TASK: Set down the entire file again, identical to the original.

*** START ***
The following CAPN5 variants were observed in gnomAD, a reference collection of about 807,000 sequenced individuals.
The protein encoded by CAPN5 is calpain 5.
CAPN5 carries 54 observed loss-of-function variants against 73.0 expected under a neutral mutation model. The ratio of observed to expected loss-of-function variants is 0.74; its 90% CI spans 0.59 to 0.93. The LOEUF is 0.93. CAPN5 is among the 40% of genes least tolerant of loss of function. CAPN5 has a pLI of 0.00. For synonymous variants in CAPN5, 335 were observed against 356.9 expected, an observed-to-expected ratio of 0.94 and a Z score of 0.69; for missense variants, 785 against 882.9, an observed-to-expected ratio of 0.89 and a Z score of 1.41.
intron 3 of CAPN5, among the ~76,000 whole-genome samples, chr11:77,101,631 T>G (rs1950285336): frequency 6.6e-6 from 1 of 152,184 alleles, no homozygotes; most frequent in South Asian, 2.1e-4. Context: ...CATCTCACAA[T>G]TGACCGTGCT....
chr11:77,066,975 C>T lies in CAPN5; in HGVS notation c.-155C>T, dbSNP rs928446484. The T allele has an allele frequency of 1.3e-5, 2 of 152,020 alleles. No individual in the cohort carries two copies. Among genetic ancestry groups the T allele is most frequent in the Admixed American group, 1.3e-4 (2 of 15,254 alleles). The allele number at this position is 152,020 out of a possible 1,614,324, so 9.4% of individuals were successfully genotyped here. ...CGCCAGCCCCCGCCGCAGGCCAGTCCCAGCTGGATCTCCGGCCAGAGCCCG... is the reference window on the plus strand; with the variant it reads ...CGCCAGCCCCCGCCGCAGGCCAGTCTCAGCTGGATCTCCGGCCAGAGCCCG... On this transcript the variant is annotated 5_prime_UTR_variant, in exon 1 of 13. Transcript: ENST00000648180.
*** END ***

The following CAPN5 variants were observed in gnomAD, a reference collection of about 807,000 sequenced individuals.
The protein encoded by CAPN5 is calpain 5.
CAPN5 carries 54 observed loss-of-function variants against 73.0 expected under a neutral mutation model. The ratio of observed to expected loss-of-function variants is 0.74; its 90% CI spans 0.59 to 0.93. The LOEUF is 0.93. CAPN5 is among the 40% of genes least tolerant of loss of function. CAPN5 has a pLI of 0.00. For synonymous variants in CAPN5, 335 were observed against 356.9 expected, an observed-to-expected ratio of 0.94 and a Z score of 0.69; for missense variants, 785 against 882.9, an observed-to-expected ratio of 0.89 and a Z score of 1.41.
intron 3 of CAPN5, among the ~76,000 whole-genome samples, chr11:77,101,631 T>G (rs1950285336): frequency 6.6e-6 from 1 of 152,184 alleles, no homozygotes; most frequent in South Asian, 2.1e-4. Context: ...CATCTCACAA[T>G]TGACCGTGCT....
chr11:77,066,975 C>T lies in CAPN5; in HGVS notation c.-155C>T, dbSNP rs928446484. The T allele has an allele frequency of 1.3e-5, 2 of 152,020 alleles. No individual in the cohort carries two copies. Among genetic ancestry groups the T allele is most frequent in the Admixed American group, 1.3e-4 (2 of 15,254 alleles). The allele number at this position is 152,020 out of a possible 1,614,324, so 9.4% of individuals were successfully genotyped here. ...CGCCAGCCCCCGCCGCAGGCCAGTCCCAGCTGGATCTCCGGCCAGAGCCCG... is the reference window on the plus strand; with the variant it reads ...CGCCAGCCCCCGCCGCAGGCCAGTCTCAGCTGGATCTCCGGCCAGAGCCCG... On this transcript the variant is annotated 5_prime_UTR_variant, in exon 1 of 13. Transcript: ENST00000648180.